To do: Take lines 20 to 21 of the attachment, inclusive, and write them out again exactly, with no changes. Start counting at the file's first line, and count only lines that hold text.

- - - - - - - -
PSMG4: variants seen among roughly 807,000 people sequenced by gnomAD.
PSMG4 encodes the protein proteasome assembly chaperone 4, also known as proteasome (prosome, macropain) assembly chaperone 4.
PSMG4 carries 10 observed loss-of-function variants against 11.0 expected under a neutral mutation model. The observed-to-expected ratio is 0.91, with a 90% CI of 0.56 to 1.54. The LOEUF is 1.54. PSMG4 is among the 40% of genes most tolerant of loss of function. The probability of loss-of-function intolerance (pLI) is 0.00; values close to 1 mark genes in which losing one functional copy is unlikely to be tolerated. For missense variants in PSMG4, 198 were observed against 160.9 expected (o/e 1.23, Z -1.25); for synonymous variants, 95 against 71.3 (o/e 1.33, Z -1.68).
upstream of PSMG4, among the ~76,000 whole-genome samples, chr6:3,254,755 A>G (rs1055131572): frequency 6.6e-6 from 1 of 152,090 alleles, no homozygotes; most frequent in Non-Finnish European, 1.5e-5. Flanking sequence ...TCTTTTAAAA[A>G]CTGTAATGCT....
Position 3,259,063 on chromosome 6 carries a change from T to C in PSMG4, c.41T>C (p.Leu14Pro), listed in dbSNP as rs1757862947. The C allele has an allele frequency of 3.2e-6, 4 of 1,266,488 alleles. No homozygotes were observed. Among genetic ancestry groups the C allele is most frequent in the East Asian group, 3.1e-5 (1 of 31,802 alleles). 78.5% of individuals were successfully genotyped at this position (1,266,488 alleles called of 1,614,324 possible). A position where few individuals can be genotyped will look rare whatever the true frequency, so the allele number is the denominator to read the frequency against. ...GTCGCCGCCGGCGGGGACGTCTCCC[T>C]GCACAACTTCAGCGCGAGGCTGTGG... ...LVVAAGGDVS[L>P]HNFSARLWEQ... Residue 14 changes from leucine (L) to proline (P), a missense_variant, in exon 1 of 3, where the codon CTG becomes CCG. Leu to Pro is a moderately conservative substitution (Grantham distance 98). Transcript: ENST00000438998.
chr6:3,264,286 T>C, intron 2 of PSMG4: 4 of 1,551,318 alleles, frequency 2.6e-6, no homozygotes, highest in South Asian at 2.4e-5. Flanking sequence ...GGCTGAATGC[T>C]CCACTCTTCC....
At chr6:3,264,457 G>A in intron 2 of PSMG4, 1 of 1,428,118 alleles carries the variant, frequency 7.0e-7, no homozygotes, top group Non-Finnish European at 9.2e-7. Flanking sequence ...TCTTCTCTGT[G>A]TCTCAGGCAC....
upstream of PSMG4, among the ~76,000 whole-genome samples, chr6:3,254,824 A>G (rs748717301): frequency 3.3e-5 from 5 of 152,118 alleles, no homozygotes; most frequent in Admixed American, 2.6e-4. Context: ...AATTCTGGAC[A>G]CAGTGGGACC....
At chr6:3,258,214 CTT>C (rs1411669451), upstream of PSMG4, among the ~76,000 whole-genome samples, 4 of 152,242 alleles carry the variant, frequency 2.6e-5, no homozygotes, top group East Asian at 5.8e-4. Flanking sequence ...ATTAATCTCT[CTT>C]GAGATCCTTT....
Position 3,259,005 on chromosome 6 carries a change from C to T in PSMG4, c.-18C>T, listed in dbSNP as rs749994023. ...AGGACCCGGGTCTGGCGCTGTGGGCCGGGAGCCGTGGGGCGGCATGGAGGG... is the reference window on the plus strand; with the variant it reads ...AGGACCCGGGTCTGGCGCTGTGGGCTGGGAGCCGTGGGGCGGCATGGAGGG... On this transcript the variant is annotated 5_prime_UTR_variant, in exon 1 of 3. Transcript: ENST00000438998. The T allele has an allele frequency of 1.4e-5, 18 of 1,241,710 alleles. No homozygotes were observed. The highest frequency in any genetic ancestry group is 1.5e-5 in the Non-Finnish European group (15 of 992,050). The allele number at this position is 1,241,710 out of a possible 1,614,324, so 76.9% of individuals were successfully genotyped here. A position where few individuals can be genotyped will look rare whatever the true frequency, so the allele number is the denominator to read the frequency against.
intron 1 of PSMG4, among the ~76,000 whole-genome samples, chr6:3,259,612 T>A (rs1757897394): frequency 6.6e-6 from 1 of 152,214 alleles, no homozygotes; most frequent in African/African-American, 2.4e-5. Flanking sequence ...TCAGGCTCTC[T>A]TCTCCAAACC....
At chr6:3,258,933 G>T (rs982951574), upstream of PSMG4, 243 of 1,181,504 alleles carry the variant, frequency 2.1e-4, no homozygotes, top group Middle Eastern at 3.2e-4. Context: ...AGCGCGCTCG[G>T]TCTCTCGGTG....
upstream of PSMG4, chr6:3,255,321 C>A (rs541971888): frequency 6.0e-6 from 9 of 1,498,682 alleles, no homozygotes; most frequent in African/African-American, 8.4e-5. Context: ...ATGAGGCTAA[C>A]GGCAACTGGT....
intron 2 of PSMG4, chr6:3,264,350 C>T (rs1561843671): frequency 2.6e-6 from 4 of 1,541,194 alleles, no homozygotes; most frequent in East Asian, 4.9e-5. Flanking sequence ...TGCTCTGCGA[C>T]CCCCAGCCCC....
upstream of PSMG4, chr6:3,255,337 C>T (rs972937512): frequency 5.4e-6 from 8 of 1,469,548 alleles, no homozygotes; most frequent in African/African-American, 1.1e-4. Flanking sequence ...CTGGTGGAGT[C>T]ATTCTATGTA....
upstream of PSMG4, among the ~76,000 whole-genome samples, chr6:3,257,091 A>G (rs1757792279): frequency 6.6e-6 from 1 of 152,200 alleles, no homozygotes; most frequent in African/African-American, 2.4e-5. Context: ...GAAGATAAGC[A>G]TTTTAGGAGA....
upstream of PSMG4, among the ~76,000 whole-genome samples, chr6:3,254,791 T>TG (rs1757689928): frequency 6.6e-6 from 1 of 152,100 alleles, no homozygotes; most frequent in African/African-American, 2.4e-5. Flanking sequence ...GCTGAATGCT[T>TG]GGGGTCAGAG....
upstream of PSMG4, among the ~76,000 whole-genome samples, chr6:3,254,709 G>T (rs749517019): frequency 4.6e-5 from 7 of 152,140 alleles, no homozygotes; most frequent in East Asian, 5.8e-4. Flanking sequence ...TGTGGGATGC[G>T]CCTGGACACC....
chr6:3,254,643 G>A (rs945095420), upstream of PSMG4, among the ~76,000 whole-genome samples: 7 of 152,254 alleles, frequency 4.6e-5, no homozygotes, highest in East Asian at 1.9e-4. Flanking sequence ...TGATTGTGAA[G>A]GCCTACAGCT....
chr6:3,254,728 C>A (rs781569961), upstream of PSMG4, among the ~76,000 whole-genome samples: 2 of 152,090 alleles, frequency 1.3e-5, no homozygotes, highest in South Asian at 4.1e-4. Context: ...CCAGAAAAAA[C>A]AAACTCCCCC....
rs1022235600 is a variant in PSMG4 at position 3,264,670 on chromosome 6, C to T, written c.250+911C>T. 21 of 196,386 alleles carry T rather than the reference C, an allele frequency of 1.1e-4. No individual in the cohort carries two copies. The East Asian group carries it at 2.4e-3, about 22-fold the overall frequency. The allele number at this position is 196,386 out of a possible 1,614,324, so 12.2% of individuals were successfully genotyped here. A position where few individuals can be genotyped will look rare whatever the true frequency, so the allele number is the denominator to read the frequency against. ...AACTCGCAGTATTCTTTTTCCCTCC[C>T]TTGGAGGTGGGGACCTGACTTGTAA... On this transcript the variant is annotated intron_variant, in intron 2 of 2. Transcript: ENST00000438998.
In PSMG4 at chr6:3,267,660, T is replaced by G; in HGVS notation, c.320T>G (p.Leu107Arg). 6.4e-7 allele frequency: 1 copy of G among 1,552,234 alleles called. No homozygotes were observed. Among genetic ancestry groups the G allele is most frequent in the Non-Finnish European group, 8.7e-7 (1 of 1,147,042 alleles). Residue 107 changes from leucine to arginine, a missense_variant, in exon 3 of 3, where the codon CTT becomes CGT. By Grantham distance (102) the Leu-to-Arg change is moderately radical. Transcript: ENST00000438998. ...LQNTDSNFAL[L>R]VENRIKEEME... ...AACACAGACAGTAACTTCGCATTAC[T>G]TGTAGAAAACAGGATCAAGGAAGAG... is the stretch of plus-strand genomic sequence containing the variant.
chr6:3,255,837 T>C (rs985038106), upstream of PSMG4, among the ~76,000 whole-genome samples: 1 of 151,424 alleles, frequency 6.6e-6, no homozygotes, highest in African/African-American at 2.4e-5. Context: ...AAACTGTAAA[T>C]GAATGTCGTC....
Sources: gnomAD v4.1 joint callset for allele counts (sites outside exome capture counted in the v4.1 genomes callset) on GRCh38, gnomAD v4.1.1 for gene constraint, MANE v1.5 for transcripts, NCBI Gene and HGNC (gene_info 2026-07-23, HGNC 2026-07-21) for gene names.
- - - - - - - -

chr6:3,254,728 C>A (rs781569961), upstream of PSMG4, among the ~76,000 whole-genome samples: 2 of 152,090 alleles, frequency 1.3e-5, no homozygotes, highest in South Asian at 4.1e-4. Context: ...CCAGAAAAAA[C>A]AAACTCCCCC....
rs1022235600 is a variant in PSMG4 at position 3,264,670 on chromosome 6, C to T, written c.250+911C>T. 21 of 196,386 alleles carry T rather than the reference C, an allele frequency of 1.1e-4. No individual in the cohort carries two copies. The East Asian group carries it at 2.4e-3, about 22-fold the overall frequency. The allele number at this position is 196,386 out of a possible 1,614,324, so 12.2% of individuals were successfully genotyped here. A position where few individuals can be genotyped will look rare whatever the true frequency, so the allele number is the denominator to read the frequency against. ...AACTCGCAGTATTCTTTTTCCCTCC[C>T]TTGGAGGTGGGGACCTGACTTGTAA... On this transcript the variant is annotated intron_variant, in intron 2 of 2. Transcript: ENST00000438998.